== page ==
Commentary Magazine


Topic: Charles B. Rangel

Flotsam and Jetsam

Get the feeling that Michael Steele has no friends these days? “Republican National Committee political director Gentry Collins resigned from his post Tuesday morning with a stinging indictment of Chairman Michael Steele’s two-year tenure at the committee. In a four-page letter to Steele and the RNC’s executive committee obtained by POLITICO, Collins lays out inside details, previously only whispered, about the disorganization that plagues the party. He asserts that the RNC’s financial shortcomings limited GOP gains this year and reveals that the committee is deeply in debt entering the 2012 presidential election cycle.”

Get ready for a really, really tough punishment for Charles Rangel. “A House panel on Tuesday found Representative Charles B. Rangel guilty of 11 counts of ethical violations, ruling that his failure to pay taxes, improper solicitation of fund-raising donations and failure to accurately report his personal income had brought dishonor on the House. … While the committee has the power to recommend expulsion, that is highly unlikely. Ethics experts and committee members have said that Mr. Rangel, 80, is more likely to face a letter of reprimand or a formal censure.” OK, maybe just a hand slap.

Get government to downsize? Puleeze. David Malpass explains what’s so bad about the Fed’s $600B bond-purchase scheme. “By buying longer term assets, whose value will decline when interest rates rise, the Fed is engineering a fundamental change in the nature of U.S. monetary policy. This has undercut global confidence in the Fed, as reflected in high gold prices, dollar weakness, and large-scale investments abroad by U.S. companies and wealthy individuals. … Both fiscal stimulus and Fed asset purchases raise the same giant red flag. As the government expands its role in the economy, business confidence and hiring decline in the knowledge that there’s no free lunch.”

The Obama team simply doesn’t get it: once again, Secretary of Defense Robert Gates throws cold water on the use of military force for preventing Iran from going nuclear. They sure have gone out of their way to give the mullahs assurance that they can defy us without risking a military strike.

Bibi says he needs to get the U.S. bribes promises in writing. “Prime Minister Binyamin Netanyahu said Tuesday that Israeli approval of a 90-day settlement freeze was contingent upon a written US pledge regarding a package of incentives that insured his country’s security and national interests, diplomatic sources told The Jerusalem Post.” Now, there’s a “rock-solid” relationship for you.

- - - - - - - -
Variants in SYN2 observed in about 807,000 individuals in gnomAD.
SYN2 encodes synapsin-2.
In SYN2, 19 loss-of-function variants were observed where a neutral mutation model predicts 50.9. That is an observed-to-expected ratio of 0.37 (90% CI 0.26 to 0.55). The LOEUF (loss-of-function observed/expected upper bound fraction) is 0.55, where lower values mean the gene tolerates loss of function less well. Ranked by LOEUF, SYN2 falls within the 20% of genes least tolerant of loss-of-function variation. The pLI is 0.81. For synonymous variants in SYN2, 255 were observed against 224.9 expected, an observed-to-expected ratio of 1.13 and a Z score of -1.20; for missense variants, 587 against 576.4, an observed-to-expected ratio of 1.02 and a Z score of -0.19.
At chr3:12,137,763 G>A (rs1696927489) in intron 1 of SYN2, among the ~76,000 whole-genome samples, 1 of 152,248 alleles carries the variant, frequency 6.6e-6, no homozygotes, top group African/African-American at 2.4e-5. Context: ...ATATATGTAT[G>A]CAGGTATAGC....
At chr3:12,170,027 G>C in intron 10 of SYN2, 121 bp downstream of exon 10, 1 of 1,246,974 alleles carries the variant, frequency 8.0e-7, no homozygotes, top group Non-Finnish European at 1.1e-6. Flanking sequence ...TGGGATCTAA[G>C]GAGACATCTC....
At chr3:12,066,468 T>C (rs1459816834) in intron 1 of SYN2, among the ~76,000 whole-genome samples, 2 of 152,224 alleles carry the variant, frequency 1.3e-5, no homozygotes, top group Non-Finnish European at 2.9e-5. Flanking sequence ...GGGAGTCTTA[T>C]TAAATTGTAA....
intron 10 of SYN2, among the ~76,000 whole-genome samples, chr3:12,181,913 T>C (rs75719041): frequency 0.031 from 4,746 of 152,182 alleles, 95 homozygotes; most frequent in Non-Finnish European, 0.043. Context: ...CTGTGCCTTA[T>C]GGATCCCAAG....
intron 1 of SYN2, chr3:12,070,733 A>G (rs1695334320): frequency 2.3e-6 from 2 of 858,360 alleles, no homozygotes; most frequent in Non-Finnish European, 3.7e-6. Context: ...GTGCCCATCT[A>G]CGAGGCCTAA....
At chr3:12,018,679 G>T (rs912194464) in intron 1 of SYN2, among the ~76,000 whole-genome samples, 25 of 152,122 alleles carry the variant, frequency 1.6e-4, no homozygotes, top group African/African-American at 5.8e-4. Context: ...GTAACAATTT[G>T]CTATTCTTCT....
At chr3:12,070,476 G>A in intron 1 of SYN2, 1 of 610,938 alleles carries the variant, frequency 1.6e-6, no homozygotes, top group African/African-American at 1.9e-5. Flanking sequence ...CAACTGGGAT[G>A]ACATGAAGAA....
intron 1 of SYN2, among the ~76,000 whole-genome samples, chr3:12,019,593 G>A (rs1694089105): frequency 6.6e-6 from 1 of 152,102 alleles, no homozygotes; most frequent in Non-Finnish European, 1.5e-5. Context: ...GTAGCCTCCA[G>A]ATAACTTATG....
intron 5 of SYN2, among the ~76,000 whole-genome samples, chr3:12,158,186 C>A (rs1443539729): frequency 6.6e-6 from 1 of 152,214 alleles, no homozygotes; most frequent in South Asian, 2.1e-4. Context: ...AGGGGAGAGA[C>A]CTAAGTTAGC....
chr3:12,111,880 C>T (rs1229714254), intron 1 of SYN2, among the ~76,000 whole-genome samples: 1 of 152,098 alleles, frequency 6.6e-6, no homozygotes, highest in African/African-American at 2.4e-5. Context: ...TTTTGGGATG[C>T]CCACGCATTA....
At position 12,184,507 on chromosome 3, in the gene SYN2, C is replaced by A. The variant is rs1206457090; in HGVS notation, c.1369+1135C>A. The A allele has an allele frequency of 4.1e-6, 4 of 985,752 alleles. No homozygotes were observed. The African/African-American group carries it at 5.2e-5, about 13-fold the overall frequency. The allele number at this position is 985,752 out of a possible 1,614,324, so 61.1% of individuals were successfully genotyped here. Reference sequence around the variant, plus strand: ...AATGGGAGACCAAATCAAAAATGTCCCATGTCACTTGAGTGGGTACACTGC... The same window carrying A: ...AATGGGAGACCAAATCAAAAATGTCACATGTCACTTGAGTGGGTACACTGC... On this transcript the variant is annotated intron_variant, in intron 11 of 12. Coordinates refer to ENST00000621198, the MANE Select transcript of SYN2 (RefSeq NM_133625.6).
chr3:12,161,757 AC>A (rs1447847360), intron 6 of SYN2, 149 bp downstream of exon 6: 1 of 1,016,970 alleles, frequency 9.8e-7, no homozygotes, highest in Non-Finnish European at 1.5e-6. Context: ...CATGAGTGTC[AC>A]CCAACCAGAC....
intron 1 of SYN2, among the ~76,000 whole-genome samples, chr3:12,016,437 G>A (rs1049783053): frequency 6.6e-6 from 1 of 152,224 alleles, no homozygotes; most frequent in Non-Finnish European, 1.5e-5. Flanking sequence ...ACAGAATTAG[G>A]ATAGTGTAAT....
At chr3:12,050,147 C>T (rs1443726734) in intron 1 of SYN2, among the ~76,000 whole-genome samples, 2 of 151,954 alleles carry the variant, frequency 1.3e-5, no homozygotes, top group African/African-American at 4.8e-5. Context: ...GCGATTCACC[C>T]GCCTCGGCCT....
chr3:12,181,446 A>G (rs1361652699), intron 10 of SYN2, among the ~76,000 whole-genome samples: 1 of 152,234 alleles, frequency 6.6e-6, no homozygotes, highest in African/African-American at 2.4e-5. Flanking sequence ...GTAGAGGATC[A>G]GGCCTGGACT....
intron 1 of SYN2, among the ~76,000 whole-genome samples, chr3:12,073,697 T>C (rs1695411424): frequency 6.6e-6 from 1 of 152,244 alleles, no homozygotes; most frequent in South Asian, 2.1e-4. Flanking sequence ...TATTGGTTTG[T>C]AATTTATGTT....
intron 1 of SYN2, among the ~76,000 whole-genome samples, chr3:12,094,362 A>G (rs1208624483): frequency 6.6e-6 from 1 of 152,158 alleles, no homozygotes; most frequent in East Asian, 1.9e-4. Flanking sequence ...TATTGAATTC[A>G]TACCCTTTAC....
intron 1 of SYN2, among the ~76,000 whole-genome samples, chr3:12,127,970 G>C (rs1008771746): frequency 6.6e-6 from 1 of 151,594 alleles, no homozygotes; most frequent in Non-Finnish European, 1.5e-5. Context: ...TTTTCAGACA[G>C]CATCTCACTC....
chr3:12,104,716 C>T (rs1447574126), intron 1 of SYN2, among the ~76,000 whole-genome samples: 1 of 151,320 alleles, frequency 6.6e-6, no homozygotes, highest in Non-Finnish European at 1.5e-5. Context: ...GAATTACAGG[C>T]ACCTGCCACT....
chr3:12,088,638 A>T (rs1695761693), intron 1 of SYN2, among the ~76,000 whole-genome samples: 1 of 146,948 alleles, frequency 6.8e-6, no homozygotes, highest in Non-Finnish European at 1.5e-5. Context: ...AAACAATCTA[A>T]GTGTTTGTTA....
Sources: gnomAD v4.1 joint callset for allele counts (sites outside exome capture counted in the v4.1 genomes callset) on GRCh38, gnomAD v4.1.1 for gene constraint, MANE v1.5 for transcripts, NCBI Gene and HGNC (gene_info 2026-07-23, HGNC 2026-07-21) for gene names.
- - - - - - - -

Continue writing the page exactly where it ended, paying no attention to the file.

House Dems get their anger out. “Disgruntled Democrats finally had a chance to confront Speaker Nancy Pelosi face-to-face for the first time during a raucous closed-door caucus meeting Tuesday, as defeated Rep. Allen Boyd called her ‘the face of our defeat.’ ‘We need new leadership,’ Boyd, a Florida Democrat, told his colleagues, according to sources in the room. … Pelosi, her top elected lieutenants and her aides have been scrambling to defuse discontent following the election. They are actively working to prevent a delay in the leadership vote and to deny support to a slate of proposals by moderate ‘Blue Dog’ Democrats that would weaken her hand in the minority by making top appointive positions subject to caucus election.”

Investors get jittery: “Global stock markets’ steady march higher was interrupted by concerns about growth in China, debt in Europe and the Federal Reserve’s $600 billion plan to stimulate the U.S. economy. Tuesday’s world-wide selling was touched off by a 4% stock drop in Shanghai. It spread to Europe, where markets fell more than 2%, and then to the U.S., pushing the Dow Jones Industrial Average down 1.6%, its worst point and percentage decline since August 11.”

Get the feeling that Michael Steele has no friends these days? “Republican National Committee political director Gentry Collins resigned from his post Tuesday morning with a stinging indictment of Chairman Michael Steele’s two-year tenure at the committee. In a four-page letter to Steele and the RNC’s executive committee obtained by POLITICO, Collins lays out inside details, previously only whispered, about the disorganization that plagues the party. He asserts that the RNC’s financial shortcomings limited GOP gains this year and reveals that the committee is deeply in debt entering the 2012 presidential election cycle.”

Get ready for a really, really tough punishment for Charles Rangel. “A House panel on Tuesday found Representative Charles B. Rangel guilty of 11 counts of ethical violations, ruling that his failure to pay taxes, improper solicitation of fund-raising donations and failure to accurately report his personal income had brought dishonor on the House. … While the committee has the power to recommend expulsion, that is highly unlikely. Ethics experts and committee members have said that Mr. Rangel, 80, is more likely to face a letter of reprimand or a formal censure.” OK, maybe just a hand slap.

Get government to downsize? Puleeze. David Malpass explains what’s so bad about the Fed’s $600B bond-purchase scheme. “By buying longer term assets, whose value will decline when interest rates rise, the Fed is engineering a fundamental change in the nature of U.S. monetary policy. This has undercut global confidence in the Fed, as reflected in high gold prices, dollar weakness, and large-scale investments abroad by U.S. companies and wealthy individuals. … Both fiscal stimulus and Fed asset purchases raise the same giant red flag. As the government expands its role in the economy, business confidence and hiring decline in the knowledge that there’s no free lunch.”